It was in the late nineteenth century that graveyards relocated to the outskirts of towns and cities and were placed into semi-natural landscapes (such as forests, hills, fields, etc.), often reconfigured with man-made alterations – hence the name ‘rural cemeteries.’ Stanley French also write that:

“[they]… were certainly some improvement over the standard soppy churchyard, where the mourners sink ankle deep in a rank of offensive mould, mixed with broken bones and fragments of coffins… people would not have to worry about the remote graves of their loved ones and friends being subject to the depredations of suppliers to the medical profession or other forms of desecration because the new cemetery was to be effectively fenced and subject to constant supervision of a salaried staff consisting of supervisor, his secretary, a gatekeeper and a gardener.”[4]

The newly enforced safety precautions allowed families to take solace in the fact that the remains of their loved ones (and the expensive monuments they erected) were protected. The looting of corpses from urban cemeteries and used illegally as cadavers in medical facilities, as the legal sanctioning of cadavers was not yet in effect. The separation of cemeteries from highly populated urban areas was in itself a deterrent to robbers, much to the appreciation of the families of individuals at risk of dissection and desecration. The cemetery was now in the right cultural position to become an institution of great social and cultural value, presenting the living with tangible natural worlds in which their commemoration for the dead could take place in a sanitary, natural, and cathartic way.


The gravestone iconography accompanying with these early cemeteries also reflects the ideologies of the early American mindscape and the growing appreciation of the natural world. In their work on mortuary iconography, Frederick Gorman and Michael DiBlasi hypothesize that “expectations about the patterning of gravestone iconography are assumed to be the material correlate of mortuary ideas.”[5] The designs placed on headstones reflect the mentalities of the societies creating them. Of the various iconographic motifs that appear within early American cemeteries, some of the most popular are the “bird-like death’s head, angel, anchor, skeleton, wreath, torch, hourglass, cross, father time, shroud, masonic emblem, cherub, plain inscription, urn and willow, portrait, sunflower rosette, skull and crossbones.”[6] Several of these motifs were images that originated in European graveyard inscriptions, and were transferred into the American cemetery iconography as a result of migrations of Europeans to America in the seventeenth and eighteenth century.[7]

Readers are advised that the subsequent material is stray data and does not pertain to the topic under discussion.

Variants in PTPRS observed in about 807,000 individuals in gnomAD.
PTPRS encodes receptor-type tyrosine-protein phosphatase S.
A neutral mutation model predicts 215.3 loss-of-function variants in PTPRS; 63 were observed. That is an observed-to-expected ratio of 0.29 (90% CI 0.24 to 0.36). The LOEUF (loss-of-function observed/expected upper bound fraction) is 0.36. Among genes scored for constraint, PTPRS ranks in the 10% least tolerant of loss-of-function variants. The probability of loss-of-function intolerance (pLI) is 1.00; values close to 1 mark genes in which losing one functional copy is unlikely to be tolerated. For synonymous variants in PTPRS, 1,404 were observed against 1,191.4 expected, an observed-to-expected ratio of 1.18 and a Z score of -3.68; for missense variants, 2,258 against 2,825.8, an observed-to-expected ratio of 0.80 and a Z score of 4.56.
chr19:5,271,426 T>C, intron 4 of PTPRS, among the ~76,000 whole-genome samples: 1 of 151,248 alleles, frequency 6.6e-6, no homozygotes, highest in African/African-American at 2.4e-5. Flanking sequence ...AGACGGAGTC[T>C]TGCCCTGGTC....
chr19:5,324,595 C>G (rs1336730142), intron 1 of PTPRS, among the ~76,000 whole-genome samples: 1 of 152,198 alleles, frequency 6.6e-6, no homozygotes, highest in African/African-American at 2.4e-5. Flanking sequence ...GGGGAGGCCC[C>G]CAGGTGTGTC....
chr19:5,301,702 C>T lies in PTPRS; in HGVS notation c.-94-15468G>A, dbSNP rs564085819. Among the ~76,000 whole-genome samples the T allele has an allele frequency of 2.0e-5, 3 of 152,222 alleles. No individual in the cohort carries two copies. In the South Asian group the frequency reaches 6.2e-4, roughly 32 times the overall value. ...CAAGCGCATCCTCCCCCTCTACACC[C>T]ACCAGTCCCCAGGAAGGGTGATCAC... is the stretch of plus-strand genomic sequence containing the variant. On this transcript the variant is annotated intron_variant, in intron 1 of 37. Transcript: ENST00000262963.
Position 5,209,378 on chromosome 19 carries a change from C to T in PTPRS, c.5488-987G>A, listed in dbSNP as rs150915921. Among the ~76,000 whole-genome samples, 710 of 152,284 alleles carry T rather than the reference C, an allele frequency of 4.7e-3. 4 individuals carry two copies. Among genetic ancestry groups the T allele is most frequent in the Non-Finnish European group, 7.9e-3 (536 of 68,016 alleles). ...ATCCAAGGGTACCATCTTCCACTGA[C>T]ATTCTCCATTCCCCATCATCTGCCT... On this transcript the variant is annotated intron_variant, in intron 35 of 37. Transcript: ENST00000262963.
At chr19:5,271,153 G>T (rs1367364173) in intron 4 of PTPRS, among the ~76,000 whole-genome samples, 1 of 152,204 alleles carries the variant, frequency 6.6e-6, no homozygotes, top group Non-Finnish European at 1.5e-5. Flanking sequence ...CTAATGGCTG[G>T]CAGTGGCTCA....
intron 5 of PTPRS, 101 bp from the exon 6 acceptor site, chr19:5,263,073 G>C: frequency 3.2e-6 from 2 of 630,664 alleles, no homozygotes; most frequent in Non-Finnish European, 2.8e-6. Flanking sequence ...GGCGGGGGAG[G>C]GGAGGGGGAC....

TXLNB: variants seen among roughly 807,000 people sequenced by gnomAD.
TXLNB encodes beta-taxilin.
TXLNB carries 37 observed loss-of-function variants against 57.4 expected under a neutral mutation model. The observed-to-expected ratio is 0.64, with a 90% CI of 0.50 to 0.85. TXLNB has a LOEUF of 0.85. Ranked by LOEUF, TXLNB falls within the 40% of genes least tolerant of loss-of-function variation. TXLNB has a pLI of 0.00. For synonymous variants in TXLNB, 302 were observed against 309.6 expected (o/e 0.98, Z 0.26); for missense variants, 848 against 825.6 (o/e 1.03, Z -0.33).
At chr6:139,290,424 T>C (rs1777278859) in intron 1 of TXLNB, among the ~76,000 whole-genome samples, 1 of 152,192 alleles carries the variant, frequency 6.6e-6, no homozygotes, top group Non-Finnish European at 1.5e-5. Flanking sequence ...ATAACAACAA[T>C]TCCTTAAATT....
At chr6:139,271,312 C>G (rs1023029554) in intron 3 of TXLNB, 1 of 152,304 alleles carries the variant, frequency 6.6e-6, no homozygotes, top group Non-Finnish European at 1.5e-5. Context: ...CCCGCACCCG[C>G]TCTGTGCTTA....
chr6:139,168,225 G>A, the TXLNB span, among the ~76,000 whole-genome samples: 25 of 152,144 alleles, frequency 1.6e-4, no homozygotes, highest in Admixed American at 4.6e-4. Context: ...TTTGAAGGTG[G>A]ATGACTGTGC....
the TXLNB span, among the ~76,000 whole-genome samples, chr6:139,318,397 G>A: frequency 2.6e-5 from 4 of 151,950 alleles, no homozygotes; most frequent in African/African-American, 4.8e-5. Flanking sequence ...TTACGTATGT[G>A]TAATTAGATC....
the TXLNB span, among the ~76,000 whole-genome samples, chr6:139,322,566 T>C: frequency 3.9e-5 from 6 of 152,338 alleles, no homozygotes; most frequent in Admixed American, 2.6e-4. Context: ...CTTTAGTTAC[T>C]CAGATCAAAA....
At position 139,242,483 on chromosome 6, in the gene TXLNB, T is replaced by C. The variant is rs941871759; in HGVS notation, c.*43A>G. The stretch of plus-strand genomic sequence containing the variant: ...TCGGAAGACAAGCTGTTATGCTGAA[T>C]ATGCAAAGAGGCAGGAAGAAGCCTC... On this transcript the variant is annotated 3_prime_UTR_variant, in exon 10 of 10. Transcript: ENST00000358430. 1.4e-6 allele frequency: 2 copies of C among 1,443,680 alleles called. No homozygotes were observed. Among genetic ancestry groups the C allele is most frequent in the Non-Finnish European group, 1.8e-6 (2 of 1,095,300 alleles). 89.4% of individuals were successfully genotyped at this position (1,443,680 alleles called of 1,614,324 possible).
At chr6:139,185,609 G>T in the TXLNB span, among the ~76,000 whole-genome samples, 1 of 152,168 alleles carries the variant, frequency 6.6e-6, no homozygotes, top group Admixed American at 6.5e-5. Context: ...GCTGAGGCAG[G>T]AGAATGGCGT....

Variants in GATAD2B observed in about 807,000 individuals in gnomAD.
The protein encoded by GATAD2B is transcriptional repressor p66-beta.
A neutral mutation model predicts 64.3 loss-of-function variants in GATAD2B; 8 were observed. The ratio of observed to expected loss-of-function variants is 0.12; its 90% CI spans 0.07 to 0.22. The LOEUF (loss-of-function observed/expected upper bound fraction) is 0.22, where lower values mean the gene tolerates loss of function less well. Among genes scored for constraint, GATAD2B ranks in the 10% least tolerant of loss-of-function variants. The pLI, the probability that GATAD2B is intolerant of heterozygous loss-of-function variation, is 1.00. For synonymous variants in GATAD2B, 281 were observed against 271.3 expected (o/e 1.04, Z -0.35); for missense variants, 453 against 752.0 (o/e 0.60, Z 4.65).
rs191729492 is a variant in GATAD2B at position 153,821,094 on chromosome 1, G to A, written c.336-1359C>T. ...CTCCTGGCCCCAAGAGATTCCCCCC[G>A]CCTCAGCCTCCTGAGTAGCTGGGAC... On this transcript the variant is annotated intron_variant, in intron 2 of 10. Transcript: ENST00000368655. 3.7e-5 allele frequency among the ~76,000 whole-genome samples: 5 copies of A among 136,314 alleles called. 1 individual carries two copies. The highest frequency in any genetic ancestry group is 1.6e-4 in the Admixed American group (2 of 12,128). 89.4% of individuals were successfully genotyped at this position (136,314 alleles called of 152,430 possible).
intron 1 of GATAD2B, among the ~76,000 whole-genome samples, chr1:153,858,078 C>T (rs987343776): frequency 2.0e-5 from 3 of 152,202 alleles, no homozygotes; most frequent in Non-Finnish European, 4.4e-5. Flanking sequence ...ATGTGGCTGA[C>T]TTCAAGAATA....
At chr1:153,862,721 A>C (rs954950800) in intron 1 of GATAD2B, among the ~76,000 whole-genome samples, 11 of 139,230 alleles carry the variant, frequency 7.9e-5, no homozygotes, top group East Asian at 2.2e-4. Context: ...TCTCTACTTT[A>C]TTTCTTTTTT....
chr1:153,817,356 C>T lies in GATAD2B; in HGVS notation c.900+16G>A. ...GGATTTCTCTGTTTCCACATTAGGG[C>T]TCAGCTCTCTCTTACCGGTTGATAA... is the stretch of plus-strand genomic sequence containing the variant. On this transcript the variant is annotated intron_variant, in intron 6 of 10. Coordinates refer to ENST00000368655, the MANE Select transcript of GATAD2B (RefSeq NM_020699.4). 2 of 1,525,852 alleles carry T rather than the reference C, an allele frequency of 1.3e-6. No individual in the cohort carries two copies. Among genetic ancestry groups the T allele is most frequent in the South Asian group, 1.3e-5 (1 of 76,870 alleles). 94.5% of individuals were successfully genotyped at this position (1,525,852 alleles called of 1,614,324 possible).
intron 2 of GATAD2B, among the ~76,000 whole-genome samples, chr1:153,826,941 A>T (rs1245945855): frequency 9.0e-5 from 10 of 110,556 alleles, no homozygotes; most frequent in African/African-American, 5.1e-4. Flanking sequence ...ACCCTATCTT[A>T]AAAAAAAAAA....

In the New York area, the image of the willow tree, often accompanied with one or more neoclassical urns, is ubiquitous. These changes to funerary iconography mirror the greater social changes occurring during the early to mid-nineteenth century. “Certain researchers have hypothesized that shifts in the popularity of these widespread motifs reflected concomitant changes in theology. To them, the death’s head signifies the mortality of the deceased, while the cherub represents immortality; the urn and willow symbolize the impersonal aspect of death.”[8] Whereas the seventeenth and early eighteenth century had seen dark and morbid headstone imagery, (for example, the skull and cross bones motif or the death’s head), compared to the stoic, rather unfeeling coldness of the willow tree and urn, a change was then noticeable with the onset of more sentimental imagery (for example the cherub), which represented a much more hopeful and optimistic view of death.  This change correlates with the movement of graveyards out of urban churchyards and into rural landscapes, and the associated turn away from negative views of death to a more positive outlook and a more natural aesthetic.


While these new cemeteries were literally the final resting places for remains, they served a function different from any American graveyards to date: these were locations where family and friends of the deceased could go for a leisurely walk, a picnic or a lovely carriage ride, all amidst beautifully crafted semi-natural vistas. In these spaces, visitors were not simply visiting the dead, however. They were visiting for their own benefit – the opportunity to step out of the bounds of the city and into nature, and experience the resulting serenity and rejuvenation. This entirely new behavior marked a change in American sentimentality, as the old-style graveyards were generally avoided and the remains of the deceased often neglected or ignored.  In the new rural cemetery, families created elaborate works of sculpture and masonry for their loved ones, often creating whole-family plots surrounded by wrought iron fences or raised on concrete and earthen terraces. Families often spent the afternoon at the cemetery for a picnic, a practice still in vogue with contemporary Americans. Cemeteries became places that individuals desired to go, and even attracted the attention of travelers, a kind of necro-tourism.